Latest from The Spokesman-Review
The Seattle Times will no longer use the name Redskins in referring to the NFL team in that other Washington.
Well, except for the headline on the column by Don Shelton, which says "Why we're banning Redskins at the Seattle Times."
Shelton gives an extensive — some might say exhaustive — line of reasoning, quoting some Native American sources on how the turn is as offensive as "the N word" and explaining that the ban doesn't extend to all teams named Tribe or Braves or for Native American tribes or artifacts (like Totems or Tomahawks, which are used by Sammamish and Marysville-Pilchuck, respectively.)
So the ban will apply to the pro team in the nation's capital. And then Wellpinit High School team, which is, interestingly enough, on the Spokane Indian Reservation. Wellpinit has looked at changing the name from time to time, but the community is split and so far they haven't reached a consensus to make the change.
But according to the Times, they're in the wrong, so don't look for the team name in their prep coverage.
Not that the Times does a lot of prep coverage in Eastern Washington. But if they do, no Redskins usage.
OLYMPIA – The biggest news in the state’s political campaigns last week probably was not made by a politician or group working for or against a ballot measure.
It was made by the Seattle Times Co., with a decision to run a full-page ad in support of Republican Rob McKenna’s gubernatorial bid, at no cost to the McKenna campaign.
The newspaper said it is paying out of its own coffers for McKenna ads and for others supporting the same-sex marriage measure, Referendum 74. It’s an effort, the great minds in the Times’ business offices say, to prove how effective newspaper advertising can be for a campaign.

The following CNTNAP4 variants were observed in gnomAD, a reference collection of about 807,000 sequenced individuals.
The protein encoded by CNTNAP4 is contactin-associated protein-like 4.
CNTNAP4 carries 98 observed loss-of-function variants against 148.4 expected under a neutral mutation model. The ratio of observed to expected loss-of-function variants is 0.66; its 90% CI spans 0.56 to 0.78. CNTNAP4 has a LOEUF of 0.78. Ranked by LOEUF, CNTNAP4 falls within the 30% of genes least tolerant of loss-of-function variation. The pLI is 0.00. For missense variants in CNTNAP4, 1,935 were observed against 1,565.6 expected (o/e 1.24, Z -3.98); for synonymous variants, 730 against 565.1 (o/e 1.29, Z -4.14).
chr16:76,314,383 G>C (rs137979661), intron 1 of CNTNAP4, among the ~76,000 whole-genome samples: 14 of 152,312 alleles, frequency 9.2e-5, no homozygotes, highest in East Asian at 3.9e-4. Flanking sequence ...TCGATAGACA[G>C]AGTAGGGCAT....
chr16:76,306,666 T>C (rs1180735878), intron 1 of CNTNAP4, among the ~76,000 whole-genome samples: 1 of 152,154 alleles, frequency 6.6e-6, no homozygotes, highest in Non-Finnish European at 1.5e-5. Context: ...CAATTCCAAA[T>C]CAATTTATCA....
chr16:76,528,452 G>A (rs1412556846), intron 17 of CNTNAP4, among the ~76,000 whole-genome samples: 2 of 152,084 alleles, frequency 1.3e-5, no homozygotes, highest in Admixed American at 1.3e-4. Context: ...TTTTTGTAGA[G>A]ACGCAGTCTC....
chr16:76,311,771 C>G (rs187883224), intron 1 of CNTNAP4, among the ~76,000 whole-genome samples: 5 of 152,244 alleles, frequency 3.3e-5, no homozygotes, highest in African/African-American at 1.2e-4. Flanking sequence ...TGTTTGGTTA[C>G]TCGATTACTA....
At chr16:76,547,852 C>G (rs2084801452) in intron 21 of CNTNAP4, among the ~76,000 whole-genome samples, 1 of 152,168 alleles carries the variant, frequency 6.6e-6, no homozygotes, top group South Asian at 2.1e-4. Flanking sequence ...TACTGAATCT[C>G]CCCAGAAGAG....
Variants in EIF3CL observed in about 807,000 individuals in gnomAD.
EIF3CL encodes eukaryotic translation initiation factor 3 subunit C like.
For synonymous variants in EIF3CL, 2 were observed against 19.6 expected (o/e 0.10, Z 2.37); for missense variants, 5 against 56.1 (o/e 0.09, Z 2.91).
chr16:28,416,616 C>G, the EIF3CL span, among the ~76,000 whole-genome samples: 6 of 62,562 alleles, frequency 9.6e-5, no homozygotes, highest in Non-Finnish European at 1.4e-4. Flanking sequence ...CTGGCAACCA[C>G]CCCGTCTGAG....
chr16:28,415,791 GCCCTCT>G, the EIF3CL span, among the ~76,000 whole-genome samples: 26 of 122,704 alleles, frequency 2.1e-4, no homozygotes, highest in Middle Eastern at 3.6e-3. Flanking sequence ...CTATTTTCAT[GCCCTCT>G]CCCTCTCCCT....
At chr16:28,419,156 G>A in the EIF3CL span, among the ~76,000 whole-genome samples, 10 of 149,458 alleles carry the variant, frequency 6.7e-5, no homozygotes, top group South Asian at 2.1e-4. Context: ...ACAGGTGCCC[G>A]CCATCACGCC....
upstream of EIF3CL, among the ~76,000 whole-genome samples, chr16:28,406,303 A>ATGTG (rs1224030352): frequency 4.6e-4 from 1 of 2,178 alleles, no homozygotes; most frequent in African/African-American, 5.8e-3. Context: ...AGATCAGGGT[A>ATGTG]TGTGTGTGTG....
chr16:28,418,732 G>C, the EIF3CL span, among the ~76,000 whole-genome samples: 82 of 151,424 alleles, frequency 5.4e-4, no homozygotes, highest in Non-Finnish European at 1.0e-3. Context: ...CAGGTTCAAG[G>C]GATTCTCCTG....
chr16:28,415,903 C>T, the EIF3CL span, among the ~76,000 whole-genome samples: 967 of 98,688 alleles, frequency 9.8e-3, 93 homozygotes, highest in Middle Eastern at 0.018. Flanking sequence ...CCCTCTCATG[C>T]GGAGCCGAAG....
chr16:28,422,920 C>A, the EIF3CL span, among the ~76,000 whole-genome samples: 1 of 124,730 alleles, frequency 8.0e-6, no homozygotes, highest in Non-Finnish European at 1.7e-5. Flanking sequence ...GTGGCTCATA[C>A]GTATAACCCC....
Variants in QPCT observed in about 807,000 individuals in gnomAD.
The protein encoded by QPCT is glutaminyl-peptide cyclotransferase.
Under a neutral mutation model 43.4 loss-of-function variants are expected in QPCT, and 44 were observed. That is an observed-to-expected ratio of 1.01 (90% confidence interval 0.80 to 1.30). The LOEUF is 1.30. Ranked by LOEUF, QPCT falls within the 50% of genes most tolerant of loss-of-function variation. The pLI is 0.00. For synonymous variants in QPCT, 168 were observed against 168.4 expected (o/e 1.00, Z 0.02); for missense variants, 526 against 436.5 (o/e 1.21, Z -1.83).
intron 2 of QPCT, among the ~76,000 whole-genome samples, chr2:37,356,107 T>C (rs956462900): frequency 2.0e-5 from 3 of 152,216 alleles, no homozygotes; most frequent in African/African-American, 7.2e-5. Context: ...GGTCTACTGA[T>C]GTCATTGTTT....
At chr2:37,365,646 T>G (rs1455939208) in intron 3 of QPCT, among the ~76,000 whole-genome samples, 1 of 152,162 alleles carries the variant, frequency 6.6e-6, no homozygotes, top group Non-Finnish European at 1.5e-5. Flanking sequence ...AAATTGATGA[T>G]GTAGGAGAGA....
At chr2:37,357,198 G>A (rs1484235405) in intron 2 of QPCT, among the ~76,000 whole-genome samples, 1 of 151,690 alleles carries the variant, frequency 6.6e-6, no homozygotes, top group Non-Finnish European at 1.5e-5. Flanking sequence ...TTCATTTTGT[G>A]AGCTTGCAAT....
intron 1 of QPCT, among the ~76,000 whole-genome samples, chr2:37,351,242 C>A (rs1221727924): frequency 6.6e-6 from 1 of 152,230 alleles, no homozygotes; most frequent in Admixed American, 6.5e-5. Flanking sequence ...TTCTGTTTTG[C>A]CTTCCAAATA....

To be clear, this is not merely a reprint, in giant type in case anyone might have missed them, of editorials the Times has already published endorsing McKenna and Referendum 74. These are ads with art and graphics and color that someone, or several someones, in the newspaper’s ad department conceived and labored over.
They go down in the Public Disclosure Commission’s books as independent expenditures: between now and Nov. 6, the company plans to spend $75,750 for McKenna and $75,000 to help get a yes vote on the ballot measure. Although the newspaper endorsed both on its editorial pages, the decision to run the ads was made without consultation or even advance notice to the news side of operation.
Not surprisingly, the Inslee campaign, the state Democratic Party to which he belongs and the group opposing same-sex marriage reacted negatively. So did some journalism organizations. More than 100 Times staff members signed a letter protesting the decision, saying it threatened to compromise the paper’s integrity by making it “part of the campaign machinery.”
Publisher Frank Blethen said the letter just proved that there was a separation between the business and editorial sides.